Sep 12 2008

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Four Days with the Loons

Posted at 5:41 am under Blog Post

From Monday afternoon until Thursday morning, I was alone in the West Canada Lakes Wilderness. Or perhaps I should say, I had only the company of my dog, Matika, a few small forest creatures, and the loons who inhabited the lakes where I camped. That was company enough.

Much to my dog’s bewilderment, a loon called out as soon as we reached Sampson Lake. A dozen miles from the nearest paved road, it seemed an appropriate greeting. I smiled as I listened to it, fully aware that I had arrived at a truly wild place. Beyond that I didn’t give the matter much thought.

At dusk the loon called out again, loud and clear. This time the wind had died down and both lake and forest were silent and still. I stopped what I was doing and went down to the water’s edge to see the loon. With my binoculars I saw a mere bird floating about, occasionally dipping beneath the surface. Yep, that’s a loon, I thought. Then I continued about my affairs.

The next day it rained steady from daybreak until late afternoon. To my surprise, a pair of loons called out in the pelting drizzle. First I spotted the female, then the male, then both of them together. They reminded me of another wet day in Southeast Alaska when I was camped alone in the wild. The Adirondacks on a rainy day aren’t much different.

On the morning of the third day, a loon called out and that did it. I broke down and cried. In that moment the loon’s call seemed to me like the voice of the wild itself, like the voice of God heard only in the most remote places – far away from all the nonsense that passes for civilization. I cried because I couldn’t keep up my armor another second. I cried because I had forgotten, in all my busy-ness, what the wild is all about. The shock of sudden self-awareness. Adam longing to regain access to Paradise, yet still Adam. Existential tears.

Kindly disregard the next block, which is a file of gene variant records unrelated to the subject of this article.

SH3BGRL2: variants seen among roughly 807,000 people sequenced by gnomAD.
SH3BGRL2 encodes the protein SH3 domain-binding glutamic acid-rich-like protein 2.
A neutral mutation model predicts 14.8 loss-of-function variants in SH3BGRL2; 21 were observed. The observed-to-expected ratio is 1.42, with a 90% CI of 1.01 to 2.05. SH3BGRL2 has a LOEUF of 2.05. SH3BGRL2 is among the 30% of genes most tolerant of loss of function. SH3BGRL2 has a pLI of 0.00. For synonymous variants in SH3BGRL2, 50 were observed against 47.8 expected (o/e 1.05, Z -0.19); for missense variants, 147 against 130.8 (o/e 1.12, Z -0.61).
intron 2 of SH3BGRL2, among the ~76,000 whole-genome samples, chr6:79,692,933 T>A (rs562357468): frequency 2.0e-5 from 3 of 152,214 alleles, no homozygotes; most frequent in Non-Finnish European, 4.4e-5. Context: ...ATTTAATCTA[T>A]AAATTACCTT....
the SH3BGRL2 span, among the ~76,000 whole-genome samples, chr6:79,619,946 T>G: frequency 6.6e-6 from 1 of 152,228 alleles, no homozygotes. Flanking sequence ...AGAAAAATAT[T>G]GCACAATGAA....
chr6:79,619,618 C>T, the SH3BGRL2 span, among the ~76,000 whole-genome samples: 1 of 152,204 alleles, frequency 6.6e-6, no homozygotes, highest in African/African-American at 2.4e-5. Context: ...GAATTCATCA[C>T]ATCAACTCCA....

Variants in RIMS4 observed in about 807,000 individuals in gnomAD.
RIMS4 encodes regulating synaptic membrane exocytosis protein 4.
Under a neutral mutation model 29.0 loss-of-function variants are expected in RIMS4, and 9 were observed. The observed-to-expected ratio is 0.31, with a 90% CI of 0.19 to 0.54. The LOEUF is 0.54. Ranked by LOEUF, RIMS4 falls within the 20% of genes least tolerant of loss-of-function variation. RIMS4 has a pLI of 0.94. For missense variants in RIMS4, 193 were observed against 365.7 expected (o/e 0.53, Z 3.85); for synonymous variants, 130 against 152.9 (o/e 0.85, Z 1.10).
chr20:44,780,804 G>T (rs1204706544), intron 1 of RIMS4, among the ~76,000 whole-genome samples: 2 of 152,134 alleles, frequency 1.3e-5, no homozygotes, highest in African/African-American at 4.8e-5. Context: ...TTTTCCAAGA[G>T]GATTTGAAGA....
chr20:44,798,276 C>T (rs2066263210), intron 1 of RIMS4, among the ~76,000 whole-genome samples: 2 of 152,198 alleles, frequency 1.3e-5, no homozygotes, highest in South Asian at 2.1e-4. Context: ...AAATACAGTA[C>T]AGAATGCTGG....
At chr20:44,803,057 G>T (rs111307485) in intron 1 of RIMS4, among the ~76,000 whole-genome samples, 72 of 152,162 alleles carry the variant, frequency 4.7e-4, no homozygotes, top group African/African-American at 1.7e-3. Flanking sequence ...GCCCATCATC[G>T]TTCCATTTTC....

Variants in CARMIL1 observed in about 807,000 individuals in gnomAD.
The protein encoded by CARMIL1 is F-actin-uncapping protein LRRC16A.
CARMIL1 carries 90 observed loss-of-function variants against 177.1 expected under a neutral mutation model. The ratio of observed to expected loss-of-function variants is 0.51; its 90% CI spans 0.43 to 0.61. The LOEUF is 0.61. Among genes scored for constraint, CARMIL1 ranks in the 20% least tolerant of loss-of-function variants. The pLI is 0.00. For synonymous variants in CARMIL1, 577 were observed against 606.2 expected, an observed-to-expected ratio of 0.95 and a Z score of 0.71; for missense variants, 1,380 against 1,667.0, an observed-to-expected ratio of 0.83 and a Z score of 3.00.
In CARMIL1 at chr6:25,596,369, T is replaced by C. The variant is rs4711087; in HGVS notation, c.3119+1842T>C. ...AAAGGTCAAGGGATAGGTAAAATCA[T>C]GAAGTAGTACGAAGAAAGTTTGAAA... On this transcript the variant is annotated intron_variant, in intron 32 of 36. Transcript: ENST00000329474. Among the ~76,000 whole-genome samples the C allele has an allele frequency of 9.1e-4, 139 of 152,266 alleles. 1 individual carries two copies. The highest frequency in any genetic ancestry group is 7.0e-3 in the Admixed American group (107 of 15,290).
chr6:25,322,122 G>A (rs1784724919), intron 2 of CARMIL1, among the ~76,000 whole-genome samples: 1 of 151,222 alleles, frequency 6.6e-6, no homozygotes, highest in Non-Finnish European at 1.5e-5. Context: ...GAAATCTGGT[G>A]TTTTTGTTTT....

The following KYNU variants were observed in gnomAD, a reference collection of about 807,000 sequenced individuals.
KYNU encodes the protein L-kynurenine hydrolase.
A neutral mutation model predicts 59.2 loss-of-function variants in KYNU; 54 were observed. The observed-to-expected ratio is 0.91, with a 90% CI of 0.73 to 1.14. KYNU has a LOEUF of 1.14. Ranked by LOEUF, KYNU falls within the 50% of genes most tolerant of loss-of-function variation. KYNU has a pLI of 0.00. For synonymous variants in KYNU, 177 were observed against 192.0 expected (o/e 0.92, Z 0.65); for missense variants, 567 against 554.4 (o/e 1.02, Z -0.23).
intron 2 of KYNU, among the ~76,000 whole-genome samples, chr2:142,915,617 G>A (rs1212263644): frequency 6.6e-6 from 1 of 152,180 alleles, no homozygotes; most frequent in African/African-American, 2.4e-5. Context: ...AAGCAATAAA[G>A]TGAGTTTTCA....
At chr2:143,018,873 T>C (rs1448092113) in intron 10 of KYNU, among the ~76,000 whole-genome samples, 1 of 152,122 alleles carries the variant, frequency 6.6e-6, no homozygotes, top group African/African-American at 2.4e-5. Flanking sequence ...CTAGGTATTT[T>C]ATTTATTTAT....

The sunset at Pillsbury Lake was a hallucination. I watched the steady advance of that undefined edge between day and night until it crowded all the pink and orange sky into a fiery grand finale on the horizon. The glassy lake perfectly reflected the show, and the call of a loon echoed through the mountains until the boundary between the real and the surreal disappeared. Then I groped beneath the stars for some kind of firmament upon which to stand.

Yesterday morning a loon bade farewell to me while I was packing up. I left the wilderness with some reluctance. The walk out was one long daydream. The call of loons swirled inside my head even as I drove home. And right now it doesn’t seem to matter what I’ll do today, how high the price of gas will go, or who will win the upcoming presidential election. I am still haunted by loons. Give me a few more hours to armor up.

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